Once the hem is pinned up for all windows, use paperclips or clothespins to mark exactly where the magnets need to be sewn into the hem in order to line up with the magnetic surfaces on the window frame or truck bed/tailgate. Check out how we did ours below:

DIY truck shell curtain design using velcro, bundling straps, and magnets.

Back inside, get the magnets in place and sew around all sides of them so they can’t slide around. Don’t worry about the one in the center of the back hatch curtain yet!

Then sew up that bottom hem all the way across!

Step 5: Altering the back hatch curtain to go around the handle

Once to this point, three curtains should be all the way complete!

But the back hatch curtain will be drooping away from the tailgate in the middle, and that handle inside will be covered by the curtain.

You could just leave it like this and be all done, but because we had the time (and my mom’s help!), we stepped it up a notch.

Here’s what we did:

*Note - Don’t go through all these steps without FIRST ensuring your magnet will work through multiple layers of your curtain fabric.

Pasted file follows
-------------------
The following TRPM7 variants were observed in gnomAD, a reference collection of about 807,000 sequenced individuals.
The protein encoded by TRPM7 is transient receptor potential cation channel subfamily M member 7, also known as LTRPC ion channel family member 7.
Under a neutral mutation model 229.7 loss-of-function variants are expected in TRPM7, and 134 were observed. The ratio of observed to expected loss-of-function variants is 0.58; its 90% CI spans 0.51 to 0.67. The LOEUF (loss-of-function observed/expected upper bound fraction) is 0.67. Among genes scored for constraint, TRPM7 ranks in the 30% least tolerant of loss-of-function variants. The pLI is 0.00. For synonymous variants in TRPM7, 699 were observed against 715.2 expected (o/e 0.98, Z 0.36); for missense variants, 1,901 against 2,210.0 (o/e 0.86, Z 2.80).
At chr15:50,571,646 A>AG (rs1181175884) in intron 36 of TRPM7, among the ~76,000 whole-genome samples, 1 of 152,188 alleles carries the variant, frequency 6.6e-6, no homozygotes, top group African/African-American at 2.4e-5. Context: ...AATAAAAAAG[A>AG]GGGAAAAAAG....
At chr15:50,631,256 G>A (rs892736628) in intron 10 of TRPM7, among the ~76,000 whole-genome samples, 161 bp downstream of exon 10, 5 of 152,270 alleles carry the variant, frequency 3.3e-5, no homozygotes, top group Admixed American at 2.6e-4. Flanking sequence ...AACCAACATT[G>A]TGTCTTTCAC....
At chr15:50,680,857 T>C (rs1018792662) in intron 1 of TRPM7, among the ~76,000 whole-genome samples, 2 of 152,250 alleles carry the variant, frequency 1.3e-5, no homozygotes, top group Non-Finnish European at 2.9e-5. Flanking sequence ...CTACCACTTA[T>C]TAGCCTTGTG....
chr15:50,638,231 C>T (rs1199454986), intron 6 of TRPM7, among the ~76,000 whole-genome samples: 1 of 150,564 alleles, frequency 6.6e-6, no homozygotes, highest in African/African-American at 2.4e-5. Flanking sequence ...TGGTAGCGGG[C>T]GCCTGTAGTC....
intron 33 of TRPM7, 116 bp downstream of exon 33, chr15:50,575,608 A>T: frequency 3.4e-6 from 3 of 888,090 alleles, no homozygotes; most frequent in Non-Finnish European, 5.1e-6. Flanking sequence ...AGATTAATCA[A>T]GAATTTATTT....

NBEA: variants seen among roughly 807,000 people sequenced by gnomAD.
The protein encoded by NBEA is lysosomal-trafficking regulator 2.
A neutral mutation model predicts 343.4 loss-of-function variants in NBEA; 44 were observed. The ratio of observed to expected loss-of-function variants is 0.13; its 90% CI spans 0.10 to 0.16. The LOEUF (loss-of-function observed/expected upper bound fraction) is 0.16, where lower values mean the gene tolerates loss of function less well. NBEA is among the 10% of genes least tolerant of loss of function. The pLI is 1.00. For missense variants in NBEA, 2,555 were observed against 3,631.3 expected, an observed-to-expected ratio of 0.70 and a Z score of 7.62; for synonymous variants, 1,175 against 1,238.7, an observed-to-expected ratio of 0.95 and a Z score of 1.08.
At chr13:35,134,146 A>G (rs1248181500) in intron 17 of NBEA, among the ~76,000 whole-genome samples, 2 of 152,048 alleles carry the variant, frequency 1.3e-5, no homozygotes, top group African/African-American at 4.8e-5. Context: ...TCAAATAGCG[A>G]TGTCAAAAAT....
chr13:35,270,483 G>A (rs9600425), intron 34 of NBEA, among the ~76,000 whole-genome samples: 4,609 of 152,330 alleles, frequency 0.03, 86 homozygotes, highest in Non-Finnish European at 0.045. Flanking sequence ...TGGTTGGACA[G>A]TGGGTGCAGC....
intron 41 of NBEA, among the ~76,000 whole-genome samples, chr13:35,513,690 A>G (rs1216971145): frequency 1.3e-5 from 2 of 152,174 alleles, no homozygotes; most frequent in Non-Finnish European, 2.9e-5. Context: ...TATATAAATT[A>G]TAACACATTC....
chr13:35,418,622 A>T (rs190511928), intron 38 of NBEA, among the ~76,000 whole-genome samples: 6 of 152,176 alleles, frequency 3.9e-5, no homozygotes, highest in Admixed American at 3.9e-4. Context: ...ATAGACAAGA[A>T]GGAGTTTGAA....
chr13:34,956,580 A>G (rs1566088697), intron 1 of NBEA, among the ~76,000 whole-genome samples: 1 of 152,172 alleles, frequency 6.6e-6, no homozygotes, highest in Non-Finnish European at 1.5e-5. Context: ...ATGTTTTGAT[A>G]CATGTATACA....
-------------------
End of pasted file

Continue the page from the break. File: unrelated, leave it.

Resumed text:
Step 6: Hang and Celebrate

Optional: We’ve heard from some that they wish they’d have sprayed this UV sun fabric protector* on their curtains before hanging. We skipped this step, but it may be worth doing if you want your truck shell curtains to stay nicer even longer.

There you have it! That’s how we made our truck camper curtains!


Once all camper shell curtains were successfully hung, we breathed a sigh of relief to finally be done with this project, and have it turn out well! We’re happy with how the curtains look and function when both up and down. They do work as blackout curtains, the magnets never come undone unless pulled on, they roll up fine, and stay securely in place once up. 

All that said, we are super excited that our future Go Fast Camper will not need curtains and we won’t be having to do this again!

If you have any questions about our camper shell curtains, let us know in the comments section below! And we’d love for you to SUBSCRIBE for more truck camping and travel related tips and updates.

As always, thanks for reading!